MALONE — A Franklin County Legislature candidate was suspended from practicing medicine for overprescribing painkillers that may have addicted some patients and profited others.
Dr. Carl Sherwin didn’t contest three of seven charges lodged against him by the State Health Department’s Office of Professional Misconduct and Physician Discipline. He said he retired rather than fight the accusations because a legal battle would have cost him $100,000.
He is running for the District 4 seat on the County Legislature against incumbent Republican Marc “Tim” Lashomb.
Sherwin said he has focused his campaign only on the facts.
“Franklin County is in trouble, and that particular aspect (of his career) is not relevant to Franklin County as a whole,” he said.
Sherwin felt the timing of the information becoming public so close to Election Day was no coincidence.
“I have never been in politics, so I don’t know what to tell you. I don’t know how this information got out, but somebody must be a little worried,” he said.
“I’ve made some fairly strong points, and I’m in a position of being supported enough that apparently there is an effort not to respond to the issues but to divert attention.”
‘FOCUS ON ISSUES’
Lashomb said he was not responsible for the information coming to light, and he wants to move past it.
“What we need to focus on are the issues and who is the best person to represent the people of Franklin County in District 4,” the incumbent said.
“If the people feel that Tim Lashomb has done a good job and they want him to continue, then that’s fine.
“But if they want to vote for Carl Sherwin, they can do that,” Lashomb said. “I respect Carl. I’ve known him for years, and my response is that I wouldn’t do something like that (make the suspension known), and I’m not involved in that way, either.
“I hope Carl understands that I wouldn’t do something like that.”
Sherwin was also accused of failing to follow up on suspicions that at least two of his patients were selling their prescriptions and that two others were becoming addicted to the drugs he prescribed.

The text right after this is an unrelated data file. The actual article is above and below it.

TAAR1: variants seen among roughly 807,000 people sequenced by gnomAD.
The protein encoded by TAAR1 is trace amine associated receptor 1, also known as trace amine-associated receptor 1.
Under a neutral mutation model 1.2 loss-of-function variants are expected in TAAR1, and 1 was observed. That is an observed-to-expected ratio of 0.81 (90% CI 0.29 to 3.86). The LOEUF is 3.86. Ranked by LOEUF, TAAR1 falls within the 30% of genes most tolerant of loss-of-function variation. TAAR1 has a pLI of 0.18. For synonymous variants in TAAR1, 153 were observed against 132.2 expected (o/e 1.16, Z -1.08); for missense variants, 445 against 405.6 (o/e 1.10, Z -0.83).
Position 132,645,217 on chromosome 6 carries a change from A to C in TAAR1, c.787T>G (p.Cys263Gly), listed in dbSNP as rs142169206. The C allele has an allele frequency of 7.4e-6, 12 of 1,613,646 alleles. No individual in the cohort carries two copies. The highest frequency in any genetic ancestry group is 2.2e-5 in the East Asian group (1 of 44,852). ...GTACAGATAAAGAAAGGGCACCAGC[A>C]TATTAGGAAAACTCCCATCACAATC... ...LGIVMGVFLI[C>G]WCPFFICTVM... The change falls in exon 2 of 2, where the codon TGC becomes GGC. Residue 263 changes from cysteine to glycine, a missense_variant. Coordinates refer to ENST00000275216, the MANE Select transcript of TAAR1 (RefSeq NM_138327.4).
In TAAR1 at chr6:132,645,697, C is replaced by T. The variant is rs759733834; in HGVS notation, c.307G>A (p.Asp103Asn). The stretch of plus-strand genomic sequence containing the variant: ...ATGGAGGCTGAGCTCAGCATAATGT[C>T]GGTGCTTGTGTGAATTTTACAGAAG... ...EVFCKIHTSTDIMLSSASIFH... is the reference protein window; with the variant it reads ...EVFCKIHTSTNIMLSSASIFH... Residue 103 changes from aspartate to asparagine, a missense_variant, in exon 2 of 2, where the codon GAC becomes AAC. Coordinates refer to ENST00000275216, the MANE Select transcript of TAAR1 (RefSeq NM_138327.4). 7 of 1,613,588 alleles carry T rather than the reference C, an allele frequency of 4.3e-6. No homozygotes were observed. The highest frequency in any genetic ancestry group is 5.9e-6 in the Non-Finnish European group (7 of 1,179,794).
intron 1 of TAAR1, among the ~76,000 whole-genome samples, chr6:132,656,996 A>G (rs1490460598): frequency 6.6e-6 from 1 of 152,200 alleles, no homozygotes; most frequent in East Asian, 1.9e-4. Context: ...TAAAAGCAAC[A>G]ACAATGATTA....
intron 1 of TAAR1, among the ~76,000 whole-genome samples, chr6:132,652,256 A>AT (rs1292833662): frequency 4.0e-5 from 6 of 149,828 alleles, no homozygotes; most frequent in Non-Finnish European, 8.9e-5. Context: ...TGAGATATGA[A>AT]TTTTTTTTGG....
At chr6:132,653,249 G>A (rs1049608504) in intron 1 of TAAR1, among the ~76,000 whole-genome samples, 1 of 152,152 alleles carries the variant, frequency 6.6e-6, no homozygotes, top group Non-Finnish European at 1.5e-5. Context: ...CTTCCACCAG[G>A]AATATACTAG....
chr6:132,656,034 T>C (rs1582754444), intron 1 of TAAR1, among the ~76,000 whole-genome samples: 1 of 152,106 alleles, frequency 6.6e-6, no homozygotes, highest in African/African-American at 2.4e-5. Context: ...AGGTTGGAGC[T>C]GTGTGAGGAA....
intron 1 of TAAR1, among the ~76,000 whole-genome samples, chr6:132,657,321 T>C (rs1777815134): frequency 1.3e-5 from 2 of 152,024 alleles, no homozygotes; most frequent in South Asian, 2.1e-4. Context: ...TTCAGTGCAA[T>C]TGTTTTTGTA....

Seven charges of professional misconduct were brought against him, and he admitted to three: negligence on more than one occasion, incompetence on more than one occasion and failure to maintain records.
The State Department of Health Board of Professional Medical Conduct suspended his medical license for three years as of May 9 and ordered him to serve three years’ probation.
He is also barred him from treating patients with chronic pain and from prescribing Methadone and/or Suboxone.
Sherwin retains his medical license, but he was ordered to no longer have a solo private practice unless monitored by a licensed physician.
“The experts told me I should fight it, but it came down to I didn’t want to spend $100,000. All of this ended in 2007 and was dropped six years ago,” he said.
“If I had decided to go through the whole rigmarole of fighting it, the lawyers and experts were confident we would win it, but what sense did it make if I spent $100,000 when I planned to retire anyway?”
Bottom line, he said, it was a business decision.
“I had intended to retire, and to fight this would have cost me $80,000 to $100,000. I did that because it was easier to simply accept the three charges, which were arguable,” he said.
“I probably should have fought it, but it didn’t make sense from my perspective. I am still a licensed physician, and I haven’t done any of those cases in six years, and I don’t want to.
“None of this had a significant change on my practice.”
According to the Office of Professional Misconduct, Sherwin’s case involved six patients who were identified only by a letter.
Patient A was treated from May 6, 2002, to Aug. 11, 2005, and Sherwin was accused of failing to follow up on a chart notation that the person might be selling his prescriptions for Duragesic, prescribing the man both Vicodin and Percocet at the same time and keeping incomplete medical records.
Patient B was treated from Sept. 4, 2002, to Nov. 14, 2007, and the Misconduct Office said Sherwin prescribed Oxycontin but failed to document it or to follow up on a concern that the patient was addicted to it, prescribed Methadone with Avinza, prescribed Duragesic in inappropriate dosages, prescribed Marinol for no valid medical reason, failed to refer the patient to a pain clinic and kept incomplete records.
Patient C was treated from March 15, 2002, to Dec. 20, 2007, and the physician was accused of inappropriately prescribing the person a combination of Duragesic and Methadone.
Patient D was treated from Sept. 10, 2001, to Dec. 21, 2007, and Sherwin was accused of failing to properly document the treatment, prescribing Oxycontin and Methadone without a valid medical reason, failing to follow up on a notation that the patient was abusing or selling his prescriptions and continuing to prescribe Oxycontin and Methadone despite his concern about a possible addiction.
Patient E was treated from March 25, 2005, to March 24, 2008, and Sherwin was accused of prescribing inappropriate dosages of Duragesic, improperly prescribing Duragesic and Methadone together and failing to discontinue or document discontinuation use of Soma before prescribing muscle relaxants.
Patient F was treated from June 10, 1999, to March 13, 2008, and Sherwin was accused of failing to perform or properly document an adequate initial evaluation of the patient, prescribing inappropriate dosages of Duragesic and Fentanyl and failing to maintain accurate medical records.
Email Denise A. Raymo:firstname.lastname@example.org